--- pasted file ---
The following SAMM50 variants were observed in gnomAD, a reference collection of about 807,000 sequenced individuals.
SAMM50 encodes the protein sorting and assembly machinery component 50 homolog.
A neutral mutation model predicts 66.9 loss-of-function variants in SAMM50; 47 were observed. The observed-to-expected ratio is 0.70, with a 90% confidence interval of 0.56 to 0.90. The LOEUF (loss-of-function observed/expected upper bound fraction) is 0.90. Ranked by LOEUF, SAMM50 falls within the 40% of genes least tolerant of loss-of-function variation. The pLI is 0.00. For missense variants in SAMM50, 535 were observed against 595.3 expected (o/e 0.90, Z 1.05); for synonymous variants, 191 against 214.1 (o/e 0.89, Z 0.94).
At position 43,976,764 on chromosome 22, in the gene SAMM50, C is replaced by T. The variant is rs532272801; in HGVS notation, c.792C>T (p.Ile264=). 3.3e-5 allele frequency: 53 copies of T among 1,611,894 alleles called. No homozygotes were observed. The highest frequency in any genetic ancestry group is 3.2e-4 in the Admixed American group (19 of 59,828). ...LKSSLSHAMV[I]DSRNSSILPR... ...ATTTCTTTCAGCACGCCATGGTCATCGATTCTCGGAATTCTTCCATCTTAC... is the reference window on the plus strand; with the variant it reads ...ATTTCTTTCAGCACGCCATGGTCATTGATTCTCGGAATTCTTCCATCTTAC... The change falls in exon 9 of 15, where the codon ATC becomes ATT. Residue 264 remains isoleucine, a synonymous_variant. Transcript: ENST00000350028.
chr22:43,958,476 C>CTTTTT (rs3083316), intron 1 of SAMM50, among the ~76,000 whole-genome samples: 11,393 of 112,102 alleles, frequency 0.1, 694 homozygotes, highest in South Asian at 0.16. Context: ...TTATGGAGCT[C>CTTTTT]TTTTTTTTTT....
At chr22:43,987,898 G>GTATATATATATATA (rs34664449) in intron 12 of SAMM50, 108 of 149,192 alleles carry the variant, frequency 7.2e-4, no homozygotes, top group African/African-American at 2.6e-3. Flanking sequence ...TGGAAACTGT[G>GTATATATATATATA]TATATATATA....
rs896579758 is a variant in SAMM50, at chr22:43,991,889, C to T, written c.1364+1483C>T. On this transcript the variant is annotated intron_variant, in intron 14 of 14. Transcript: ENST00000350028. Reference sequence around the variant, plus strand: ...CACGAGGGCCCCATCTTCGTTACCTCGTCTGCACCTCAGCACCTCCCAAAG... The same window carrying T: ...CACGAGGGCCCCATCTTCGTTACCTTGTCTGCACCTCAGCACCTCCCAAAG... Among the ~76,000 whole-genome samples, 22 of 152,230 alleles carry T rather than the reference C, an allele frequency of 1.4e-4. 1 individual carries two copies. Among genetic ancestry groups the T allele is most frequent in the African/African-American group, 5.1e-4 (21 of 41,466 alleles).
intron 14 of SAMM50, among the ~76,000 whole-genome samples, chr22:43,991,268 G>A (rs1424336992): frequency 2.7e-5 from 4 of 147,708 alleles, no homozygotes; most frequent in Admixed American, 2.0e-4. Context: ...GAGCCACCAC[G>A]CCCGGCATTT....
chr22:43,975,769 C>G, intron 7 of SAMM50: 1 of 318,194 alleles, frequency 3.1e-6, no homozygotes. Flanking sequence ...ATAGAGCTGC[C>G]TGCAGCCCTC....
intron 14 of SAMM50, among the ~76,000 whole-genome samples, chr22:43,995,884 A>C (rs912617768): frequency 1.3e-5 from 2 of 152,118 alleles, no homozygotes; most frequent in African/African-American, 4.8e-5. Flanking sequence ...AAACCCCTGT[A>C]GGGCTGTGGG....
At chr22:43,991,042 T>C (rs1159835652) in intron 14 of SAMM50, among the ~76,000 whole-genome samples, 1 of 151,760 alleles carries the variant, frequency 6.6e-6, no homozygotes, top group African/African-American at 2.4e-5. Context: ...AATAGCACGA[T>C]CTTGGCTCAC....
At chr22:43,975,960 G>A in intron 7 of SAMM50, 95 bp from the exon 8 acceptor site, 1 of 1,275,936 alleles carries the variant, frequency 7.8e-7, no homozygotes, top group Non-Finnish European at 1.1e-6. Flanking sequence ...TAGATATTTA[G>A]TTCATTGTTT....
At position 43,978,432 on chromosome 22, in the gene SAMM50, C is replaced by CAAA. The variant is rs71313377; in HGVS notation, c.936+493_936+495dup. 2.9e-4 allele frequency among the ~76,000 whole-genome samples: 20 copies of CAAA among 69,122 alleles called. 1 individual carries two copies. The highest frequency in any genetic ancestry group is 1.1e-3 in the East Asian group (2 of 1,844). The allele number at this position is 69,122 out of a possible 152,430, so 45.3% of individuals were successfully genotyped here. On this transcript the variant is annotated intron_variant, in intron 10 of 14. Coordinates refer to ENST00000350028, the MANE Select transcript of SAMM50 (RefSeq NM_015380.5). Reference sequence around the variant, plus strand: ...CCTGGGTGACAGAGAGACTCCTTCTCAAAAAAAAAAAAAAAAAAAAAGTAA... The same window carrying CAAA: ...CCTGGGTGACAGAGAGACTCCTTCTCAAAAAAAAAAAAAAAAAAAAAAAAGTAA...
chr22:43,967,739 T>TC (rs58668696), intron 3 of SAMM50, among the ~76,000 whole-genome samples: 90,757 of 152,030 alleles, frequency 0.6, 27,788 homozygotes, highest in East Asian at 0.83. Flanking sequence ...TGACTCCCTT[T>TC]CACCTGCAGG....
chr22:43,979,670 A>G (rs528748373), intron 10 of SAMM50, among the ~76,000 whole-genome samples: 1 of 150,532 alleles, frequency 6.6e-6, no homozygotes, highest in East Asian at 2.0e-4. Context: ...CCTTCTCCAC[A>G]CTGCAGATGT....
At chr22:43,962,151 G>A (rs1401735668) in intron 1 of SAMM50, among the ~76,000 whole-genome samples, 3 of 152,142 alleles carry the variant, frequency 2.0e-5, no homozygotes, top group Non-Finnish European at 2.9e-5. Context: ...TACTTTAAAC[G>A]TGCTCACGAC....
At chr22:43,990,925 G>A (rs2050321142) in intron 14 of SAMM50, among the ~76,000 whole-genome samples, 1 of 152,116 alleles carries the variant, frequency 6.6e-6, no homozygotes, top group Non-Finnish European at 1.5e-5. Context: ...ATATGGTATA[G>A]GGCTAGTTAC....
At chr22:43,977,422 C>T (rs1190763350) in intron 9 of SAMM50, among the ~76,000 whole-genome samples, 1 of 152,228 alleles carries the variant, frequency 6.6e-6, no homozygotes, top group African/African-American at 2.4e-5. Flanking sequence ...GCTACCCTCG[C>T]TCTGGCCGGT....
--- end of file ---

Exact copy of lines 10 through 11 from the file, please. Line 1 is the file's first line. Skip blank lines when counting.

intron 14 of SAMM50, among the ~76,000 whole-genome samples, chr22:43,995,884 A>C (rs912617768): frequency 1.3e-5 from 2 of 152,118 alleles, no homozygotes; most frequent in African/African-American, 4.8e-5. Flanking sequence ...AAACCCCTGT[A>C]GGGCTGTGGG....
At chr22:43,991,042 T>C (rs1159835652) in intron 14 of SAMM50, among the ~76,000 whole-genome samples, 1 of 151,760 alleles carries the variant, frequency 6.6e-6, no homozygotes, top group African/African-American at 2.4e-5. Context: ...AATAGCACGA[T>C]CTTGGCTCAC....